Scenes from one of the country's most violent cities
Violence, crime and economic hardship are a part of daily life in Chester, Pennsylvania. The town, which is about 20 miles southwest of Philadelphia, has one of the highest per-capita murder rates in the country, and residents have a 1 in 37 chance of becoming a victim of violent crime. In the entire state of Pennsylvania, that likelihood is 1 in 273.
Justin Maxon has spent the past seven years documenting the lives of people in Chester. As they worked to get by day to day, the residents have often faced societal challenges recently highlighted through protests in Ferguson, Missouri, and elsewhere in the nation.
“Chester has been dealing with issues like lack of justice and police brutality, various issues that have come to light … for decades,” Maxon told msnbc. “There have been many, many stories that I’ve heard where police officers have murdered young black men and nothing has been done about it.”
When Maxon first headed to Chester, he set out to answer what he called an “infinite” question: “What does it take to unravel the intricacies of racism and oppression?”
Starting first as a silent observer, then becoming an issue-based activist, and now as an artist creating works in various mediums, including collage prints, painting, video, and photography, Maxon has dedicated the majority of his adult life to this small, remarkably violent town.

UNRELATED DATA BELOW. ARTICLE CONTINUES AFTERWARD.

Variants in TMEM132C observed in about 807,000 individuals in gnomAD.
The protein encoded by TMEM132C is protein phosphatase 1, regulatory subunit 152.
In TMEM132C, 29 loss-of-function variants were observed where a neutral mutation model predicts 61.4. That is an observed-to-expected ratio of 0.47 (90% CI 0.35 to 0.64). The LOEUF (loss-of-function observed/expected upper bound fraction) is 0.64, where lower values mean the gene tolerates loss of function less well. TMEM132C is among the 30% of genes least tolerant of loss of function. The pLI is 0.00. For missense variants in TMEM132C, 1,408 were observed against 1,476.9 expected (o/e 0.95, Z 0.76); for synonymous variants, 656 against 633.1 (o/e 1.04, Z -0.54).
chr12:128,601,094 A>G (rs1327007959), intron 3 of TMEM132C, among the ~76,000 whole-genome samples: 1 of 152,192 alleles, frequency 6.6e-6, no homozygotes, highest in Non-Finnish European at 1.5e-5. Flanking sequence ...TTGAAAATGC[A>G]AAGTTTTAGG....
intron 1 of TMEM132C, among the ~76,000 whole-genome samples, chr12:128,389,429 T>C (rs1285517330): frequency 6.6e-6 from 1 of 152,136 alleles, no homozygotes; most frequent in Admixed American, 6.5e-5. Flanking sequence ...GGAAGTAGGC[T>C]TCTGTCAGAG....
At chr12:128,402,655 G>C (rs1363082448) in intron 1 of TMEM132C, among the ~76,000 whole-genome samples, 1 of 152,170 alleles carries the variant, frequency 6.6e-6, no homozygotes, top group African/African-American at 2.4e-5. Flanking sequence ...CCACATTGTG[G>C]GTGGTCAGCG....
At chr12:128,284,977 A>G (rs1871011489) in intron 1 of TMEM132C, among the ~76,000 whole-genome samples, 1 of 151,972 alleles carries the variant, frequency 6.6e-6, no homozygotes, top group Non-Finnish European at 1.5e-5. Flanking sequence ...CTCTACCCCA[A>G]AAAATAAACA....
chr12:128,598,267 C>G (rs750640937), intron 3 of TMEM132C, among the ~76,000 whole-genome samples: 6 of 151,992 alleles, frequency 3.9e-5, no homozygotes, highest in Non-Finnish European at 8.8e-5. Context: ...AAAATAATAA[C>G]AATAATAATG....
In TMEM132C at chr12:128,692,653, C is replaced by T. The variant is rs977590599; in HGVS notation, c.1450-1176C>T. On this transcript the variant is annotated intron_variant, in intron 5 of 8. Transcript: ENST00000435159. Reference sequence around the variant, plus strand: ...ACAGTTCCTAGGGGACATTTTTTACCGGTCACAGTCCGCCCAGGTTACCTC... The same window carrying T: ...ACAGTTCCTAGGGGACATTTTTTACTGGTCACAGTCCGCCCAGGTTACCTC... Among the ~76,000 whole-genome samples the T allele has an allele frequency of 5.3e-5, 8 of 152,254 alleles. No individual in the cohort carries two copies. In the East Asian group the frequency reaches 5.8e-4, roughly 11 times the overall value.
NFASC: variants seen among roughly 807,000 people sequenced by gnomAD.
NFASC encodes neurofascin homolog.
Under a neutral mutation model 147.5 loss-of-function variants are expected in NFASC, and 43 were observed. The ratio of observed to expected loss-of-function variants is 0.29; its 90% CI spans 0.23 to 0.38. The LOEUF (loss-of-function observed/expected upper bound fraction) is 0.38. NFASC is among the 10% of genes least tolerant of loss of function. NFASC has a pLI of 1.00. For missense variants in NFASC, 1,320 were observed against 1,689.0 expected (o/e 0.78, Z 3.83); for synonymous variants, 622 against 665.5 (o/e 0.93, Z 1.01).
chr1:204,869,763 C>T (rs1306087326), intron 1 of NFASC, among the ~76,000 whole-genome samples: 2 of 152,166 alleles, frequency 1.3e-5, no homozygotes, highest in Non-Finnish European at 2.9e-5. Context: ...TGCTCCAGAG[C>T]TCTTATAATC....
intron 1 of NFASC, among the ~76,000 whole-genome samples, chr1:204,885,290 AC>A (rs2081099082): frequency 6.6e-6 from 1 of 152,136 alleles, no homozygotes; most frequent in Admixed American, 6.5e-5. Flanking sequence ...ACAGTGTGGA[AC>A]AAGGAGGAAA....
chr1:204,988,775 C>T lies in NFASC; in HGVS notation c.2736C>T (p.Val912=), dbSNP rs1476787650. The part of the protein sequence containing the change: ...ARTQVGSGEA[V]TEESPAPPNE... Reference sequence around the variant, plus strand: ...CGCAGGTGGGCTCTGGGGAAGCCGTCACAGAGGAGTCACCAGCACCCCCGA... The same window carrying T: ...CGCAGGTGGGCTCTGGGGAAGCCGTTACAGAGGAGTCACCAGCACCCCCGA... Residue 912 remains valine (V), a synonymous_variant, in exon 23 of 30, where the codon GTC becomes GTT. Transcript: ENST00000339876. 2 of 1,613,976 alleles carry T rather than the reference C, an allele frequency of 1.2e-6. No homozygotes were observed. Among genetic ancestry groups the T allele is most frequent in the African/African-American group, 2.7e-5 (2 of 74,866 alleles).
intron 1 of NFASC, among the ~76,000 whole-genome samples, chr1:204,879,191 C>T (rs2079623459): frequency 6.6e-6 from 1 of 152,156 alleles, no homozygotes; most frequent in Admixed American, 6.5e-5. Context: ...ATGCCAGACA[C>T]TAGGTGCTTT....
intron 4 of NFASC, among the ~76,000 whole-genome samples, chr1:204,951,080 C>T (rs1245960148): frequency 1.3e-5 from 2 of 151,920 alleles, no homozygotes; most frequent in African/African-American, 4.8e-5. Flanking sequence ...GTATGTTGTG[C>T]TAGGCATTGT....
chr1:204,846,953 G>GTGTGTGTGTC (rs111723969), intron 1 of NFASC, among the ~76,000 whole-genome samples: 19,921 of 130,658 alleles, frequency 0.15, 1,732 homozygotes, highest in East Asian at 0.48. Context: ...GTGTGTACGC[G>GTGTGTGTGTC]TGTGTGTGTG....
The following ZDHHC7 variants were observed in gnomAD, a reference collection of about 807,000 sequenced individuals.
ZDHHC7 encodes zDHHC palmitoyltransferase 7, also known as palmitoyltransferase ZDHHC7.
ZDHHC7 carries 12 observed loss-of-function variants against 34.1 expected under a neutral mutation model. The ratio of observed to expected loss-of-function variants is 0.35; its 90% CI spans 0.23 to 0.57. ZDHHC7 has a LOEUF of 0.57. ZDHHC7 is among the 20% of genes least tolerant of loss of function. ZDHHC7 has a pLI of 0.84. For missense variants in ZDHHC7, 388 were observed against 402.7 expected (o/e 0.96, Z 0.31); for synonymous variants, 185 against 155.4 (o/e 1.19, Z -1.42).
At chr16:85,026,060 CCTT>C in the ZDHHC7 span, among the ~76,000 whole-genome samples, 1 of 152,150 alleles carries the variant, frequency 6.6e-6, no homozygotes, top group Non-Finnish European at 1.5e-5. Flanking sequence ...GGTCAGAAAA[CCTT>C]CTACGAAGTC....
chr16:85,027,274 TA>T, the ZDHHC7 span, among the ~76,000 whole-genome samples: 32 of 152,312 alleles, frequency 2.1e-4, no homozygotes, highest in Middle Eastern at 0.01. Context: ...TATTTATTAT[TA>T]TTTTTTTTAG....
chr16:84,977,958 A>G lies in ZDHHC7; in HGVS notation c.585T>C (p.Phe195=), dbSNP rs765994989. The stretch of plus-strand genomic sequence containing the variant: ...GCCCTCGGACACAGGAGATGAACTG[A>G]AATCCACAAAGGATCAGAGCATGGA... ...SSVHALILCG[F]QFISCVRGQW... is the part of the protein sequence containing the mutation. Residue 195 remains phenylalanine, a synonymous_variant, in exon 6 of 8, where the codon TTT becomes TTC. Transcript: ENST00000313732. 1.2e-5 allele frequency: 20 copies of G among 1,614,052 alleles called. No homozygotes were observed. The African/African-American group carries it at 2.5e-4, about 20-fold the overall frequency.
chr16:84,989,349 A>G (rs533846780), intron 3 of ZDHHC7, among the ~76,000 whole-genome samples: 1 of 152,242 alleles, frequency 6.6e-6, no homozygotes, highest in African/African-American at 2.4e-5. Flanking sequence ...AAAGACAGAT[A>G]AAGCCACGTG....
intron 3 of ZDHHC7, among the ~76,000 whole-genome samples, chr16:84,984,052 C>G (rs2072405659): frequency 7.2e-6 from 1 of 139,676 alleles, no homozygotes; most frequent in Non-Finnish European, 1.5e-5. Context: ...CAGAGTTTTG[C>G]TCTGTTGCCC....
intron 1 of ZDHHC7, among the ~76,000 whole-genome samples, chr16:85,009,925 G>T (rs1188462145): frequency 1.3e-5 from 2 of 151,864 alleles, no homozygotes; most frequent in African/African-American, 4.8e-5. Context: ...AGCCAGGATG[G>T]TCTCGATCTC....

His latest series of photos, taken during a period of 10 days in April 2015, contrasts starkly from his previous work. Until now, Maxon has photographed Chester in black and white to look “sort of pictorial, sort of blurry, and almost other worldly,” he told msnbc.
“I’m seeing Chester in color now,” Maxon said. “I have just reflected more completely on this collision of forces at work in Chester, from me being a white man and the fact that photography, historically, has been linked to an oppressive perpetuation of negative imagery of the black community.”
Maxon felt his previous technique may have been perpetuating that negative perspective, so he set out “to create something that is more relevant to the conversation of race and racism in America.”
“The color to me is more relatable,” Maxon explained. “It challenges this whole idea of ‘the other.’”